Oromo political prisoner, Bekele Gerba, Speaks Out

Just months after the highly criticized general election in Ethiopia, recently released political prisoner and human rights activist, Bekele Gerba visits the United States and speaks about conditions in Ethiopia and his hopes for a peaceful liberation movement for Oromo people.

Mr Gerba’s political career began in 2009 when he joined the opposition party, Oromo Federalist Democratic Movement (OFDM), as a member of the executive committee and head of the public relations department.

Bekele participated and lost in the 2010 parliamentary elections in which the ruling EPRDF claimed more than 99% of the seats in parliament.

A father of four, Bekele was arrested in 2011 and sentenced to eight years in prison suspected of allegedly belonging to the banned Oromo Liberation Front (OLF). Upon appeal to the Supreme Court, his sentencing was reduced to three years and seven months with a right to parole. After the merger in 2012 of OFDM and Oromo Peoples’ Congress (OPC) that became known as the Oromo Federalist Congress (OFC) Bekele was appointed as First Deputy Chairman while he was still serving his sentence. Although he was paroled and was eligible to be free in 2014, Bekele was released in the first week of April 2015 only after he finished his sentencing -(Addis Standard, May 2015)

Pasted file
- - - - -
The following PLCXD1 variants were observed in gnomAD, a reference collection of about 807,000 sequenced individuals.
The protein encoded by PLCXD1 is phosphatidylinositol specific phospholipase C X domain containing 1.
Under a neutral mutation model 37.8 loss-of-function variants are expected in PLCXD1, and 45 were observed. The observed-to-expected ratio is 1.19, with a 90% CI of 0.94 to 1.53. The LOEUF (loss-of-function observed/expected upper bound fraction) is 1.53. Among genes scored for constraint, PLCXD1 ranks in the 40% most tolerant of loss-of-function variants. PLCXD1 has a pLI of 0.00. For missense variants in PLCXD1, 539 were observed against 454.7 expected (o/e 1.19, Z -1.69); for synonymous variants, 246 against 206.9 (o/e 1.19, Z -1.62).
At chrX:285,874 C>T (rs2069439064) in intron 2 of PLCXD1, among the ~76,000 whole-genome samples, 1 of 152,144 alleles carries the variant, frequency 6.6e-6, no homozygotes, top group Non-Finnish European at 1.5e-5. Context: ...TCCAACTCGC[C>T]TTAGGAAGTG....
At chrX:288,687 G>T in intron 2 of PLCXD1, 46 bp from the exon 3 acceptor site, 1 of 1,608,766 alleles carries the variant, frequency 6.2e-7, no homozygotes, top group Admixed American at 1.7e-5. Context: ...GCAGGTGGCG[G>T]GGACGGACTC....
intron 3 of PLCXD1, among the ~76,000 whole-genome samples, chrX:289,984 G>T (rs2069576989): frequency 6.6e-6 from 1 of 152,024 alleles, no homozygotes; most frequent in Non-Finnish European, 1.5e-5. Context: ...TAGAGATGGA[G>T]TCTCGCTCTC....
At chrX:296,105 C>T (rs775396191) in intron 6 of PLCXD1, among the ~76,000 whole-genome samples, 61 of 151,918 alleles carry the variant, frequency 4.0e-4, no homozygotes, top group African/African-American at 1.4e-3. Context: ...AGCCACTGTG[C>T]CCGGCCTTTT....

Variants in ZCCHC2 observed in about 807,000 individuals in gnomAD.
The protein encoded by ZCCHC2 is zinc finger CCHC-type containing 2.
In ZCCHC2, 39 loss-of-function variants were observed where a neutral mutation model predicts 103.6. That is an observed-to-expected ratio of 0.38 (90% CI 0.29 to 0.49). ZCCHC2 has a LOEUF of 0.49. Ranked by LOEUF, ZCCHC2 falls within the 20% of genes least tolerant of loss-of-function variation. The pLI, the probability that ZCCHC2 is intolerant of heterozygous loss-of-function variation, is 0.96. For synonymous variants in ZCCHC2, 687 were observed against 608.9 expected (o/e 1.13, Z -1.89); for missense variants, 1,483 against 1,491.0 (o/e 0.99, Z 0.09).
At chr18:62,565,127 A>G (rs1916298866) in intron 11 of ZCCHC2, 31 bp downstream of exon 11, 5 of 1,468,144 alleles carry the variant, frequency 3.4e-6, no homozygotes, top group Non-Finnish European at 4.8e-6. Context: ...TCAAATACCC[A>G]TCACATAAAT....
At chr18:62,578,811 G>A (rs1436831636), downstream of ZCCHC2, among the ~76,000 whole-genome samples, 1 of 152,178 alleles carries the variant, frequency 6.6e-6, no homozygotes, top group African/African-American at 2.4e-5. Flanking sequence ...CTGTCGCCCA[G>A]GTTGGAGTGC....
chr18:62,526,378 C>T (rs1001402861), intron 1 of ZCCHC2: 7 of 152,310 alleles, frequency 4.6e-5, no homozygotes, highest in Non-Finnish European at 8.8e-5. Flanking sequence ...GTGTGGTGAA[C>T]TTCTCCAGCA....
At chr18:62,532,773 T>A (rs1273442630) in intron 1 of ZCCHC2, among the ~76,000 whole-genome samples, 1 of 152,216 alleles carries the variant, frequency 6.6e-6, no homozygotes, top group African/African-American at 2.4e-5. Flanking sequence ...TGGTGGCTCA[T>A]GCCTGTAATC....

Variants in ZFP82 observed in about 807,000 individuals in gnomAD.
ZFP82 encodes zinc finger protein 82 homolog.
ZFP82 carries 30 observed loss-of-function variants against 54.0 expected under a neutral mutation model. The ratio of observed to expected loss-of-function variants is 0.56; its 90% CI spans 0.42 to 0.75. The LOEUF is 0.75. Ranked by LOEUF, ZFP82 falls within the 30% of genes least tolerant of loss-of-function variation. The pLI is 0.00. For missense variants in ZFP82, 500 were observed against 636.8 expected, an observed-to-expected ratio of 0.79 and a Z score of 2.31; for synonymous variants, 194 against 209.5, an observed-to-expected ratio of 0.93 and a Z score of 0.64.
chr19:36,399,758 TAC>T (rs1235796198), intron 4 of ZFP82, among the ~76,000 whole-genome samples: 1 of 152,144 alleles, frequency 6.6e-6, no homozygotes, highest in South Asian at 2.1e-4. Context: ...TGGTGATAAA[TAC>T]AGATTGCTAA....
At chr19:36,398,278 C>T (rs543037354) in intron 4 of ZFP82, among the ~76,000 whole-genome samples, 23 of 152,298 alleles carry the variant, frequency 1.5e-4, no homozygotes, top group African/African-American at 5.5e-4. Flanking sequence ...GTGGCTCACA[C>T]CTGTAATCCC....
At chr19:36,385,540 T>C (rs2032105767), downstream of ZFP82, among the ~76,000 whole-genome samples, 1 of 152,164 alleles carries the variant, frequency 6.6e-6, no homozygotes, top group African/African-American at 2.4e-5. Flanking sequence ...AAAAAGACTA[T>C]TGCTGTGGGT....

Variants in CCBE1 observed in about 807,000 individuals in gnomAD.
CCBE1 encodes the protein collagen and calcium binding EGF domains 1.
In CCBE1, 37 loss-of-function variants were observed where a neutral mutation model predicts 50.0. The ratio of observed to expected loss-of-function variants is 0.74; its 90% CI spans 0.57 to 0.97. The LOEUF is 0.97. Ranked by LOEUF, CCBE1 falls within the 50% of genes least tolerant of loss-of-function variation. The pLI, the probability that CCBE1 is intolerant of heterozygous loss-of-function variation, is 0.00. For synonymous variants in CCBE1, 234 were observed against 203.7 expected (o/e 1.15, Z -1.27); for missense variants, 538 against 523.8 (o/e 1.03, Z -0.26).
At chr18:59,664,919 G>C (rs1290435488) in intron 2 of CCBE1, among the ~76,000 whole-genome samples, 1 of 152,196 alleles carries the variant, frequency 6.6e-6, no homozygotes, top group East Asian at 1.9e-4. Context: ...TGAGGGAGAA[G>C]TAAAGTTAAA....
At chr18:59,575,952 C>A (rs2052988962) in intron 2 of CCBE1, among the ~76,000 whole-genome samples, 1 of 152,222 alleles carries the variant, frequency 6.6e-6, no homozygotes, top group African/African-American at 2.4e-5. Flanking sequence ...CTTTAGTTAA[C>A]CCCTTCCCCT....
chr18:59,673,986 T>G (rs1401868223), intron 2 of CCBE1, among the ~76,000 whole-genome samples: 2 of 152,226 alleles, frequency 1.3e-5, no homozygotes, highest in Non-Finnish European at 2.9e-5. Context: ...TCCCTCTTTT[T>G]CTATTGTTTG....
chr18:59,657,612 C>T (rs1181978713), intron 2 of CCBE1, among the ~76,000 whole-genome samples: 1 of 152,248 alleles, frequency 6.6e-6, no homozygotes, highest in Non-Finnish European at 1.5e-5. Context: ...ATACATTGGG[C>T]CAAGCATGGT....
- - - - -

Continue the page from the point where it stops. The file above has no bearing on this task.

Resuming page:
This past June (2015), Ethiopia held its elections and faced harsh criticism over the ruling party’s purported “100” percent victory.

  1. Just weeks after the sham “democratic election”, President Obama visited Ethiopia in July, praising the Ethiopian government for its fair elections. Mr. Obama faced criticism from many Oromos living in Ethiopia and in diaspora for his statemements.
  2. Just days after Obama’s visit to Ethiopia, and his controversial comments on democracy in the country, Dr. Bekele Gerba came to the US to speak at the annual Oromo Studies Association Conference held at Howard University July 29-August 2,2015 to speak on his own experiences in Ethiopian jails as a political prisoner. His position, a first hand account, contradicting what Mr. Obama had to say about Ethiopia’s flourishing d democracy. +

 

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